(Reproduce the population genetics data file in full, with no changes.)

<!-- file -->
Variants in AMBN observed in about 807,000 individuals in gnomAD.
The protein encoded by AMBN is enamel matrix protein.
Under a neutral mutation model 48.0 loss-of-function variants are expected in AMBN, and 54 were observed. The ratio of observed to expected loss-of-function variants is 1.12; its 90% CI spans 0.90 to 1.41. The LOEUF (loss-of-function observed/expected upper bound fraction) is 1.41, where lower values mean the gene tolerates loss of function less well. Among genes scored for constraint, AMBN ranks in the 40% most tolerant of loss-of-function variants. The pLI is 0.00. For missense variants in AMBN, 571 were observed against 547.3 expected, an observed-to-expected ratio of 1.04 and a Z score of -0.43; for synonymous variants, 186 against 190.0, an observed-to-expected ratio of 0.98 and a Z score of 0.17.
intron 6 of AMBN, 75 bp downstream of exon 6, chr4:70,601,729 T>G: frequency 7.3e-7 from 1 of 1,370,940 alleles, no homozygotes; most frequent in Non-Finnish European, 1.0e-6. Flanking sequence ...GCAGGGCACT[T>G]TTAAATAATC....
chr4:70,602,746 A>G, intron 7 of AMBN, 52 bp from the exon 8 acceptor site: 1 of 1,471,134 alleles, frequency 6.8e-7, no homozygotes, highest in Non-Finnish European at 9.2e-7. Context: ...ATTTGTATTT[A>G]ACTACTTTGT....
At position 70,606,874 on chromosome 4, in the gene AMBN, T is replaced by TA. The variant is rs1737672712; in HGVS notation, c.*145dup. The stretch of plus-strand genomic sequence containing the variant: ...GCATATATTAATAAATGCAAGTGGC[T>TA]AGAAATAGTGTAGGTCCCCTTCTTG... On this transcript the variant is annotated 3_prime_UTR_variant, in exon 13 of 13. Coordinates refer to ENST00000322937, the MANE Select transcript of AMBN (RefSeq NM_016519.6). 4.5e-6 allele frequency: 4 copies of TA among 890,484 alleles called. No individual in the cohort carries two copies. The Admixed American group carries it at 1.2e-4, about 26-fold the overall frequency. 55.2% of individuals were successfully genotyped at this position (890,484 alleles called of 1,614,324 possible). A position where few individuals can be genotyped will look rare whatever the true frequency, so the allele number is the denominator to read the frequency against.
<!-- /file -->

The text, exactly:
Variants in AMBN observed in about 807,000 individuals in gnomAD.
The protein encoded by AMBN is enamel matrix protein.
Under a neutral mutation model 48.0 loss-of-function variants are expected in AMBN, and 54 were observed. The ratio of observed to expected loss-of-function variants is 1.12; its 90% CI spans 0.90 to 1.41. The LOEUF (loss-of-function observed/expected upper bound fraction) is 1.41, where lower values mean the gene tolerates loss of function less well. Among genes scored for constraint, AMBN ranks in the 40% most tolerant of loss-of-function variants. The pLI is 0.00. For missense variants in AMBN, 571 were observed against 547.3 expected, an observed-to-expected ratio of 1.04 and a Z score of -0.43; for synonymous variants, 186 against 190.0, an observed-to-expected ratio of 0.98 and a Z score of 0.17.
intron 6 of AMBN, 75 bp downstream of exon 6, chr4:70,601,729 T>G: frequency 7.3e-7 from 1 of 1,370,940 alleles, no homozygotes; most frequent in Non-Finnish European, 1.0e-6. Flanking sequence ...GCAGGGCACT[T>G]TTAAATAATC....
chr4:70,602,746 A>G, intron 7 of AMBN, 52 bp from the exon 8 acceptor site: 1 of 1,471,134 alleles, frequency 6.8e-7, no homozygotes, highest in Non-Finnish European at 9.2e-7. Context: ...ATTTGTATTT[A>G]ACTACTTTGT....
At position 70,606,874 on chromosome 4, in the gene AMBN, T is replaced by TA. The variant is rs1737672712; in HGVS notation, c.*145dup. The stretch of plus-strand genomic sequence containing the variant: ...GCATATATTAATAAATGCAAGTGGC[T>TA]AGAAATAGTGTAGGTCCCCTTCTTG... On this transcript the variant is annotated 3_prime_UTR_variant, in exon 13 of 13. Coordinates refer to ENST00000322937, the MANE Select transcript of AMBN (RefSeq NM_016519.6). 4.5e-6 allele frequency: 4 copies of TA among 890,484 alleles called. No individual in the cohort carries two copies. The Admixed American group carries it at 1.2e-4, about 26-fold the overall frequency. 55.2% of individuals were successfully genotyped at this position (890,484 alleles called of 1,614,324 possible). A position where few individuals can be genotyped will look rare whatever the true frequency, so the allele number is the denominator to read the frequency against.